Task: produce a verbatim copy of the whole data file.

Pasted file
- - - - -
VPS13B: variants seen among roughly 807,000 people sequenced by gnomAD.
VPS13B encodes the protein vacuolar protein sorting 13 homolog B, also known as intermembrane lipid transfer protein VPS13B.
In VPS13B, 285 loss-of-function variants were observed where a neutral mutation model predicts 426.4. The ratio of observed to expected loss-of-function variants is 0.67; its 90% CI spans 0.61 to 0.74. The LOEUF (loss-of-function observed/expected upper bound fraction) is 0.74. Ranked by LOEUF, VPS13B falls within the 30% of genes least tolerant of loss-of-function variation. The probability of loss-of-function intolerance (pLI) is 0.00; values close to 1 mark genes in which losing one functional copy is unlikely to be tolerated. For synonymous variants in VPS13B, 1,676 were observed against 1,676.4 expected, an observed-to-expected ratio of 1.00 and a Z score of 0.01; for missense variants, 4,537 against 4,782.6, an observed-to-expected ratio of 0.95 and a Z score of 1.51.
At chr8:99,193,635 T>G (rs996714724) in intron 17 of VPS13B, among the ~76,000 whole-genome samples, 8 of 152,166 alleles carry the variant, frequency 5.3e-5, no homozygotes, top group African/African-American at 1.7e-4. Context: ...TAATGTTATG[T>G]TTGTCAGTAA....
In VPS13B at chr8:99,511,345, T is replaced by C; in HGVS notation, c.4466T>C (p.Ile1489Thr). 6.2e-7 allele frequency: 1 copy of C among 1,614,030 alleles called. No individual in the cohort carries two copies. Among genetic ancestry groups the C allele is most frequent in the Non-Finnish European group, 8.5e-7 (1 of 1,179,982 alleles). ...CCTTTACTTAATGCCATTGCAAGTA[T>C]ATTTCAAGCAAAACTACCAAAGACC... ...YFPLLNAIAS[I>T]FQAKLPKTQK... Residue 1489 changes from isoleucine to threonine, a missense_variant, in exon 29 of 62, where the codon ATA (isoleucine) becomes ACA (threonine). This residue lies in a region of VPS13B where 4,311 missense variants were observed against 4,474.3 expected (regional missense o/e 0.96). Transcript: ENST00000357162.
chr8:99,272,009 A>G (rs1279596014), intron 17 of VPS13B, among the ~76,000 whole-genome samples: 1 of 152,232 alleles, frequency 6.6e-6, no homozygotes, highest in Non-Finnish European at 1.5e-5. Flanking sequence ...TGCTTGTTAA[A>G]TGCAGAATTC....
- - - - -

VPS13B: variants seen among roughly 807,000 people sequenced by gnomAD.
VPS13B encodes the protein vacuolar protein sorting 13 homolog B, also known as intermembrane lipid transfer protein VPS13B.
In VPS13B, 285 loss-of-function variants were observed where a neutral mutation model predicts 426.4. The ratio of observed to expected loss-of-function variants is 0.67; its 90% CI spans 0.61 to 0.74. The LOEUF (loss-of-function observed/expected upper bound fraction) is 0.74. Ranked by LOEUF, VPS13B falls within the 30% of genes least tolerant of loss-of-function variation. The probability of loss-of-function intolerance (pLI) is 0.00; values close to 1 mark genes in which losing one functional copy is unlikely to be tolerated. For synonymous variants in VPS13B, 1,676 were observed against 1,676.4 expected, an observed-to-expected ratio of 1.00 and a Z score of 0.01; for missense variants, 4,537 against 4,782.6, an observed-to-expected ratio of 0.95 and a Z score of 1.51.
At chr8:99,193,635 T>G (rs996714724) in intron 17 of VPS13B, among the ~76,000 whole-genome samples, 8 of 152,166 alleles carry the variant, frequency 5.3e-5, no homozygotes, top group African/African-American at 1.7e-4. Context: ...TAATGTTATG[T>G]TTGTCAGTAA....
In VPS13B at chr8:99,511,345, T is replaced by C; in HGVS notation, c.4466T>C (p.Ile1489Thr). 6.2e-7 allele frequency: 1 copy of C among 1,614,030 alleles called. No individual in the cohort carries two copies. Among genetic ancestry groups the C allele is most frequent in the Non-Finnish European group, 8.5e-7 (1 of 1,179,982 alleles). ...CCTTTACTTAATGCCATTGCAAGTA[T>C]ATTTCAAGCAAAACTACCAAAGACC... ...YFPLLNAIAS[I>T]FQAKLPKTQK... Residue 1489 changes from isoleucine to threonine, a missense_variant, in exon 29 of 62, where the codon ATA (isoleucine) becomes ACA (threonine). This residue lies in a region of VPS13B where 4,311 missense variants were observed against 4,474.3 expected (regional missense o/e 0.96). Transcript: ENST00000357162.
chr8:99,272,009 A>G (rs1279596014), intron 17 of VPS13B, among the ~76,000 whole-genome samples: 1 of 152,232 alleles, frequency 6.6e-6, no homozygotes, highest in Non-Finnish European at 1.5e-5. Flanking sequence ...TGCTTGTTAA[A>G]TGCAGAATTC....